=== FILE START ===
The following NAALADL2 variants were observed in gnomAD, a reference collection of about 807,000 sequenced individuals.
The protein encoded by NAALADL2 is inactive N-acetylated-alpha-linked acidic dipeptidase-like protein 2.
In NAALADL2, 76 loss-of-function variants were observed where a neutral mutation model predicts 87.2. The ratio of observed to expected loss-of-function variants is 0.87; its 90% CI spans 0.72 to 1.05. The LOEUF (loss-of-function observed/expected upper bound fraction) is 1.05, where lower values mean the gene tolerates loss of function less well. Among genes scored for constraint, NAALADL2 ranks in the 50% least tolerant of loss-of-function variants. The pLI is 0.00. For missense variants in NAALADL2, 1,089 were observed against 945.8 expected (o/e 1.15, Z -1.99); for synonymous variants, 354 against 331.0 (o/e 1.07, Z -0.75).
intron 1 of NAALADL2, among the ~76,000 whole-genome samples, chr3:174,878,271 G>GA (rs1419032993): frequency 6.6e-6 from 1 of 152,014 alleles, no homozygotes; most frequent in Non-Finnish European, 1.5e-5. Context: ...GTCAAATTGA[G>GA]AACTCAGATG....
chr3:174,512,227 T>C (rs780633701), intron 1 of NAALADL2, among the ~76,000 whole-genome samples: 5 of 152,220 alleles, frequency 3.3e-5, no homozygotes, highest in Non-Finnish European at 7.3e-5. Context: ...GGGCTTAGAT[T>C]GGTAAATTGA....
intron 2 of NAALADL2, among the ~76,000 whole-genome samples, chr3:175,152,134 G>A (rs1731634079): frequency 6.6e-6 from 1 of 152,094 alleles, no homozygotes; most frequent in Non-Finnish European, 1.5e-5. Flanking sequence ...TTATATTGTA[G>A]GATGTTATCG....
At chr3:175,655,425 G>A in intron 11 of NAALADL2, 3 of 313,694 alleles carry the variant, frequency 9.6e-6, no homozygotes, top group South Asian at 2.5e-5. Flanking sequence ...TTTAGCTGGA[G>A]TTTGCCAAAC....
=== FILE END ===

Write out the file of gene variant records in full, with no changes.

The following NAALADL2 variants were observed in gnomAD, a reference collection of about 807,000 sequenced individuals.
The protein encoded by NAALADL2 is inactive N-acetylated-alpha-linked acidic dipeptidase-like protein 2.
In NAALADL2, 76 loss-of-function variants were observed where a neutral mutation model predicts 87.2. The ratio of observed to expected loss-of-function variants is 0.87; its 90% CI spans 0.72 to 1.05. The LOEUF (loss-of-function observed/expected upper bound fraction) is 1.05, where lower values mean the gene tolerates loss of function less well. Among genes scored for constraint, NAALADL2 ranks in the 50% least tolerant of loss-of-function variants. The pLI is 0.00. For missense variants in NAALADL2, 1,089 were observed against 945.8 expected (o/e 1.15, Z -1.99); for synonymous variants, 354 against 331.0 (o/e 1.07, Z -0.75).
intron 1 of NAALADL2, among the ~76,000 whole-genome samples, chr3:174,878,271 G>GA (rs1419032993): frequency 6.6e-6 from 1 of 152,014 alleles, no homozygotes; most frequent in Non-Finnish European, 1.5e-5. Context: ...GTCAAATTGA[G>GA]AACTCAGATG....
chr3:174,512,227 T>C (rs780633701), intron 1 of NAALADL2, among the ~76,000 whole-genome samples: 5 of 152,220 alleles, frequency 3.3e-5, no homozygotes, highest in Non-Finnish European at 7.3e-5. Context: ...GGGCTTAGAT[T>C]GGTAAATTGA....
intron 2 of NAALADL2, among the ~76,000 whole-genome samples, chr3:175,152,134 G>A (rs1731634079): frequency 6.6e-6 from 1 of 152,094 alleles, no homozygotes; most frequent in Non-Finnish European, 1.5e-5. Flanking sequence ...TTATATTGTA[G>A]GATGTTATCG....
At chr3:175,655,425 G>A in intron 11 of NAALADL2, 3 of 313,694 alleles carry the variant, frequency 9.6e-6, no homozygotes, top group South Asian at 2.5e-5. Flanking sequence ...TTTAGCTGGA[G>A]TTTGCCAAAC....